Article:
Roofer Job Description
Roofers work on construction projects, where they are responsible for repairing and installing roofing materials. They work with a variety of materials including asphalt, wood, aluminum, slate, shingles, and asphalt.
Some roofers specialize in working with a particular type of material, while others are comfortable working with many types of materials.
Responsibilities for this occupation include:
- Measuring the roof to determine the amount of materials required for the job.
- Providing quotes to potential customers.
- Inspecting problems with a roof to determine the best method of repair.
- Replacing rotted or broken materials.
Work Environment and Schedule
Roofers work outside, which can be difficult depending on the climate at the time.
Their schedule can often be restricted by the weather, as rain or cold temperatures can create hazardous working conditions. Because the weather may not allow for much work to be done during the winter months, it's common for roofers to work overtime from the spring through the fall to make up for their offseason.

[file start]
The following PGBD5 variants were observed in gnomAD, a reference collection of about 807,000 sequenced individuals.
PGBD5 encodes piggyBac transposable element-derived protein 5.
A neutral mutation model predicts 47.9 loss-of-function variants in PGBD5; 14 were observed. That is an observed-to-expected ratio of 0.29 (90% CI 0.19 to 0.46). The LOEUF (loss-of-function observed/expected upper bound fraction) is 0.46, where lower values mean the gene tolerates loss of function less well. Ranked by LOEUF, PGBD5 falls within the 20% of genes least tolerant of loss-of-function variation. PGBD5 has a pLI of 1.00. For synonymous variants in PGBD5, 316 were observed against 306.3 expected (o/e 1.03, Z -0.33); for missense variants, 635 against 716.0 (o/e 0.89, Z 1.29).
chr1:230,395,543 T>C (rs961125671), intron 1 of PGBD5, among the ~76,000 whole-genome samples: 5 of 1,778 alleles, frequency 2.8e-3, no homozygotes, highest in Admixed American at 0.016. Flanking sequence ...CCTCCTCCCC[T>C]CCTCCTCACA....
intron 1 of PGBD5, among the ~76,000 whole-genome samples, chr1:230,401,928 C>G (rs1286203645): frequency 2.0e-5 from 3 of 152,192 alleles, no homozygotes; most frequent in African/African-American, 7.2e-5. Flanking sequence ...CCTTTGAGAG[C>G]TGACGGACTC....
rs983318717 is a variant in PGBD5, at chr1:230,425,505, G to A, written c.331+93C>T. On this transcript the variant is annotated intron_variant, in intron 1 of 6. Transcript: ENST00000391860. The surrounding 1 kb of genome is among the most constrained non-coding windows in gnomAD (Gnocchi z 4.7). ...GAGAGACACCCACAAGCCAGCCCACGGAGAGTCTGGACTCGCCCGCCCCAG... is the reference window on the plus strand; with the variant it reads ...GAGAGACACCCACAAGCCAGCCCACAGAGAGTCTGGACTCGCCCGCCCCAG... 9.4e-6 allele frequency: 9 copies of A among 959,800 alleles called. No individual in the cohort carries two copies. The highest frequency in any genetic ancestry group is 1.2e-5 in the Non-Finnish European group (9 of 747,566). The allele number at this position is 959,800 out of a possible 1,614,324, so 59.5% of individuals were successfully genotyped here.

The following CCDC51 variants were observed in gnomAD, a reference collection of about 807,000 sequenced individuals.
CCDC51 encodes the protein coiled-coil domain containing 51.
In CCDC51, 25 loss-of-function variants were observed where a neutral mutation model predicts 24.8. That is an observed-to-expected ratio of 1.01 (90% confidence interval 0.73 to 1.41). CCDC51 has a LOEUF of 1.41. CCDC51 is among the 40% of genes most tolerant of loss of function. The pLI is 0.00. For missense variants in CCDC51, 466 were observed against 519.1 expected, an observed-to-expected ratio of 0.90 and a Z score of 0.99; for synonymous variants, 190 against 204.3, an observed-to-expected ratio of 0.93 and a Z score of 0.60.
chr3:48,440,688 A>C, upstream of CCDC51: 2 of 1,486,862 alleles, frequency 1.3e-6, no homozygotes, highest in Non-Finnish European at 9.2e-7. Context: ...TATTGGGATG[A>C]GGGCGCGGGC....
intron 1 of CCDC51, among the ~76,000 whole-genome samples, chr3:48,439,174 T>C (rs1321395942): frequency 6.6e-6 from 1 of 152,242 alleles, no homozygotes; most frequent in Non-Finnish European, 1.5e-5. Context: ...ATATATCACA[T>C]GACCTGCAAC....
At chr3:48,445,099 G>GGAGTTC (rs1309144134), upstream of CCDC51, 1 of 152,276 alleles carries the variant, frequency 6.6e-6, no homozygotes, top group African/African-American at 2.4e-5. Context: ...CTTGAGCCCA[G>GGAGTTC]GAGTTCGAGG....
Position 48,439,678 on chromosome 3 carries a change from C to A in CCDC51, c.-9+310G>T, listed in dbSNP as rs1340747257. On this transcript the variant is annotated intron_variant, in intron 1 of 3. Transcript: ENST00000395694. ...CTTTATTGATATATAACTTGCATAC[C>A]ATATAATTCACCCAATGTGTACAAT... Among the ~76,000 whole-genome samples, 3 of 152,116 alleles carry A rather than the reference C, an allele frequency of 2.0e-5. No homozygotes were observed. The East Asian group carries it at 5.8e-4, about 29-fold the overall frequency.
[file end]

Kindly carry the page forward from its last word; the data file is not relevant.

This is a physically demanding career, with one of the highest rates of injury among all occupations. Most injuries can be prevented with good planning and proper safety measures, however.
Many roofers are self-employed, but most work as part of a crew for a contractor.
How to Become a Roofer
The majority of roofers learn their trade on the job. Though there are rarely any formal education requirements, a background in algebra or geometry can be very beneficial on the job.
Apprenticeships for roofers are also available, and last for three years. At the completion of an apprenticeship, they are considered journey workers.
To find an apprenticeship, use the Department of Labor's apprenticeship search.
There are currently roofers in the United States, with new roofer job openings created each year.
Roofer jobs are not expected to see much growth beyond their current levels in the next decade.
Salaries by State
Hover over your state to get an idea of what Roofers make in your area.
How to use this salary data.
Job seekers can use it while negotiating a salary.
Employers can use it to help set appropriate wage levels while writing job descriptions.
Roofer salaries can vary depending on your experience, the location, company, industry, and benefits provided. Nationwide, most roofers make between per year, or per hour.